“No administrator shall have, directly or indirectly, any commercial interest in the matches and events conducted by the board.”
The clause was amended, all of a sudden, to accommodate the future cricket honchoâ€™s interests. From what it read, it was tweaked to:
“No administrator shall have, directly or indirectly, any commercial interest in any of the events of the BCCI, excluding IPL, Champions League and Twenty20.”
This just paved the way for Srinivasan to go a step further and get elected as the BCCI secretary.
2010:Â In April, his former friend turned against him, filing a petition in the Supreme Court, explaining that there is, most definitely a conflict of interests, and that Srinivasan should not be allowed to take over as BCCI president. However, the SC dismissed the plea.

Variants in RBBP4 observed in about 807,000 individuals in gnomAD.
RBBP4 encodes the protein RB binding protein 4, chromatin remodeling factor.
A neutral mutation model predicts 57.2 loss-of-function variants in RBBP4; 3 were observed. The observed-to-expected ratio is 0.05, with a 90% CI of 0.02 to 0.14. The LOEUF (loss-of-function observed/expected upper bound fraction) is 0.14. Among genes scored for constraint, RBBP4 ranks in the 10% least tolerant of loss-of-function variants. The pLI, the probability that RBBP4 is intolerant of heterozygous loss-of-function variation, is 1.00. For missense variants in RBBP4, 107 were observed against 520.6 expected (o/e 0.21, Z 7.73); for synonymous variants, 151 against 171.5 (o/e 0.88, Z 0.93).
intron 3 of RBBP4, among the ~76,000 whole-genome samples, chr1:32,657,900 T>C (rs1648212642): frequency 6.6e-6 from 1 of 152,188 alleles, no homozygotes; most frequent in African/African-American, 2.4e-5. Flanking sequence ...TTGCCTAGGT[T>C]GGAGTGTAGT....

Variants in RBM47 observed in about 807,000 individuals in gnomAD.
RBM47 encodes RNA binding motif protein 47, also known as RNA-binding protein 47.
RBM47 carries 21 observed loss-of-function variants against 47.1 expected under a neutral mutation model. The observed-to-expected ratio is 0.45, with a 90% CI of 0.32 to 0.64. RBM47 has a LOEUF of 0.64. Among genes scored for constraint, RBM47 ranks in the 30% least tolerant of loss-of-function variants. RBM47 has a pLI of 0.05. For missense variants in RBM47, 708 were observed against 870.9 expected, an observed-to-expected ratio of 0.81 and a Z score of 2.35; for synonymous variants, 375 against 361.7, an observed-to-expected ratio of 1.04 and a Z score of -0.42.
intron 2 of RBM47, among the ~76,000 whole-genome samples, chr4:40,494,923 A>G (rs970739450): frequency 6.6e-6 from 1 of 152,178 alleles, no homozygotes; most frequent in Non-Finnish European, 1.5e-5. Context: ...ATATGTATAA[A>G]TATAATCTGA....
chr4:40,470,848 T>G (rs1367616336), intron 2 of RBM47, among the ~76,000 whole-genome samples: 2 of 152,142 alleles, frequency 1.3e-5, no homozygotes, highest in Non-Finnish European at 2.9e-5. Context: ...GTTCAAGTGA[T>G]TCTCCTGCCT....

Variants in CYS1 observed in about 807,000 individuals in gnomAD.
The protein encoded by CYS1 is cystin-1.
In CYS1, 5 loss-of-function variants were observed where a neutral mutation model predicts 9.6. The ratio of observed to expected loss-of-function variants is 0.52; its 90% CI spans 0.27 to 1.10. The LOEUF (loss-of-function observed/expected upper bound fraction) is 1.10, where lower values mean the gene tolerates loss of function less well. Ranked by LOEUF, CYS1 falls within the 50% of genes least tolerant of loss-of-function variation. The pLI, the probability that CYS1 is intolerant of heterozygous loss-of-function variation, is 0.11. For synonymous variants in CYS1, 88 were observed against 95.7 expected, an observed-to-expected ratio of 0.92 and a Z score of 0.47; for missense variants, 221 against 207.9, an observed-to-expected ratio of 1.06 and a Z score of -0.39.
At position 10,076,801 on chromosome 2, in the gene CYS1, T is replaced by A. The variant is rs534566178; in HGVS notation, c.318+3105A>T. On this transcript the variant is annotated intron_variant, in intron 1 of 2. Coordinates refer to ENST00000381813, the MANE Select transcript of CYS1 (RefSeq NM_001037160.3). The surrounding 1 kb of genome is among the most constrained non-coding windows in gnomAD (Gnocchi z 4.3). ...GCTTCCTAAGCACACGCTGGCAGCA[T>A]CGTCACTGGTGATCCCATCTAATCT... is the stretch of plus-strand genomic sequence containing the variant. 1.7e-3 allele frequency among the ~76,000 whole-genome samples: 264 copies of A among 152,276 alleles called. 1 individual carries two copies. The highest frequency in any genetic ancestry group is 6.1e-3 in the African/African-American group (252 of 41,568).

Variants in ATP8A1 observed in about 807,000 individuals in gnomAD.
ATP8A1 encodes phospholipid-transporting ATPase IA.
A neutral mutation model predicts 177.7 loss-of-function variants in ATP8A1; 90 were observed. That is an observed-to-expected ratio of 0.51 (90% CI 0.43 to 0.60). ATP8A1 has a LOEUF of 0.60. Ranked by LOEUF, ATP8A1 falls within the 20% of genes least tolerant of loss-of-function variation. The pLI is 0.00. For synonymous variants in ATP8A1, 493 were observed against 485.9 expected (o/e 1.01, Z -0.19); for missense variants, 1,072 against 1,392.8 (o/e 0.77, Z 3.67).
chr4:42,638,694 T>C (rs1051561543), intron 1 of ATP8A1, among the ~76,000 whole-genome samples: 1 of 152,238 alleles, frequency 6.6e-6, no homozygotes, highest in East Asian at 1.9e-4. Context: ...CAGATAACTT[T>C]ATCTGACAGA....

In September, however, the SC decided that there was, in fact, a conflict of interests and said, Srinivasan should step down from his position in the BCCI. However, it quickly retracted its statement, saying it was just a â€˜suggestionâ€™, not a verdict.
Unperturbed by all that was happening around, it was in September, when Srini slowly started showing how powerful he was. With a backing not just from the South Zone (Hyderabad, Kerala and Tamil Nadu), he got support from three other state boards, cementing his spot as a president elect. Â
2011:Â Owing to no unanimous decision being arrived at regarding Muthiah petition, it was referred to the Chief Justice. This was the very split decision that Muthiah used to try and stop Srinivasan from taking over as the BCCI president. However, the Supreme Court cleared his way, saying if it were to stop Srinivasan from taking over as the president; it would mean that a verdict has been passed, when, in reality, a bench was still conducting a probe.